Did You Know? is a weekly feature from the Center for State, Tribal, Local, and Territorial Support to inform your prevention activities. We invite you to read, share, and take action!
View the Current Did You Know?
- One in three people in the US will develop shingles—a painful rash disease—in their lifetime.
- CDC has updated its shingles vaccine recommendations: adults aged 50 or older should get the new, highly protective shingles vaccine called Shingrix.
- Healthcare professionals should recommend that patients aged 50 or older get two doses of Shingrix, 2 to 6 months apart.
- More than 100 people die every day in the US from motor vehicle crashes.
- Evidence-based interventions can significantly reduce the number of injuries, deaths, and related costs caused by motor vehicle crashes.
- CDC’s MVPICCS 3.0 calculator can help state decision makers find the right motor vehicle interventions for their states—this new tool provides state-level recommendations on which interventions would prevent the most injuries, save the most lives, and be the most cost effective.
- According to this month’s Vital Signs, asthma attacks decreased Cdc-pdf[PDF-423KB] in children of all races and ethnicities from 2001 through 2016.
- Hospitalizations for asthma in children have declined by half, from 10% in 2003 to about 5% in 2013.
- Public health professionals can continue this progress by supporting medical management and asthma-self management education.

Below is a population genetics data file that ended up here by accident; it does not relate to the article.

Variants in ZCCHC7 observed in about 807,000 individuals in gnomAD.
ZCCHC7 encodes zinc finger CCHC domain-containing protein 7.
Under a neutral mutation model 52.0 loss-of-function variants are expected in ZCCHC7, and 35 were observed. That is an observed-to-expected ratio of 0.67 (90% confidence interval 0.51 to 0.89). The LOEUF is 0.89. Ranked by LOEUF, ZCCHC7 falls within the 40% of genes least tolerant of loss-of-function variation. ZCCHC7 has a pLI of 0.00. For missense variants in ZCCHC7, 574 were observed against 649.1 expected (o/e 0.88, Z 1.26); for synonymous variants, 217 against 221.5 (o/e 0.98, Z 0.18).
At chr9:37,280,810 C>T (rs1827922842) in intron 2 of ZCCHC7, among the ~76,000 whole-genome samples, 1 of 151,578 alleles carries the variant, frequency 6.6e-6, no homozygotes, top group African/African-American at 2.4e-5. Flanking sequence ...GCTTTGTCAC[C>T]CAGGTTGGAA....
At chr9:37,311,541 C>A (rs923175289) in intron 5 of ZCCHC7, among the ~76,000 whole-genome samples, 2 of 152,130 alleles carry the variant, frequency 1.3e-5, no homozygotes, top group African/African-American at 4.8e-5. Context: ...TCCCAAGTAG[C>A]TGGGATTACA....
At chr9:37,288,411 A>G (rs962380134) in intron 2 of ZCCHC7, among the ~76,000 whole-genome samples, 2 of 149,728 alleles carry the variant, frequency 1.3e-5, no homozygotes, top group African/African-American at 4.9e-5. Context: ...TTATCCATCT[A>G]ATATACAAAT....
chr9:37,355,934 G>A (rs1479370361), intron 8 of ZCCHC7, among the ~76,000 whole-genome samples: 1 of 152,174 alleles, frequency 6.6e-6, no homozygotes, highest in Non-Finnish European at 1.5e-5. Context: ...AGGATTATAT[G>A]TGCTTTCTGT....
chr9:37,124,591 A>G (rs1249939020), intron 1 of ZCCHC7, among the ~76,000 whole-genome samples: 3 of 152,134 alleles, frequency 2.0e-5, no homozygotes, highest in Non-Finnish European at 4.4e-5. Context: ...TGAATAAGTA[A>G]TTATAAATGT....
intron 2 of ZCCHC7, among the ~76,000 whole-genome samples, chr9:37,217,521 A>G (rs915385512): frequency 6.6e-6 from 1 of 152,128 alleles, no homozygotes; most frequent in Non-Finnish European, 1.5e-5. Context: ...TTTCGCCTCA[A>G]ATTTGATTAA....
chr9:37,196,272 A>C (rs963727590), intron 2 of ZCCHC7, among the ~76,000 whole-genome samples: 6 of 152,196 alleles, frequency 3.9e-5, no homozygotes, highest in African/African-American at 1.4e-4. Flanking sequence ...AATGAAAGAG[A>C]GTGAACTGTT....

- Flu activity is widespread in 48 US states and Puerto Rico, causing 53 pediatric deaths so far and high influenza-like illness activity levels in 42 states.
- CDC continues to recommend flu vaccination at this time—there are still weeks of flu activity to come this season and more than one flu virus is circulating.
- State and local health departments and partners can help spread the word about the importance of flu vaccinations with CDC’s free digital campaign toolkit, which includes infographics, PSAs, print materials, videos, and other free resources.
- In the second half of 2016, areas in the US with local Zika transmission saw a 21% increase in the birth defectsExternal most strongly linked to Zika, such as microcephaly, neural tube defects, and eye abnormalities.
- About 3 out of every 1,000 babies born in those areas had birth defects potentially related to Zika.
- States and territories can track birth defects through ongoing surveillance to identify babies with Zika-related birth defects sooner and connect them to the services they need.
Did You Know? information and web links are current as of their publication date. They may become outdated over time.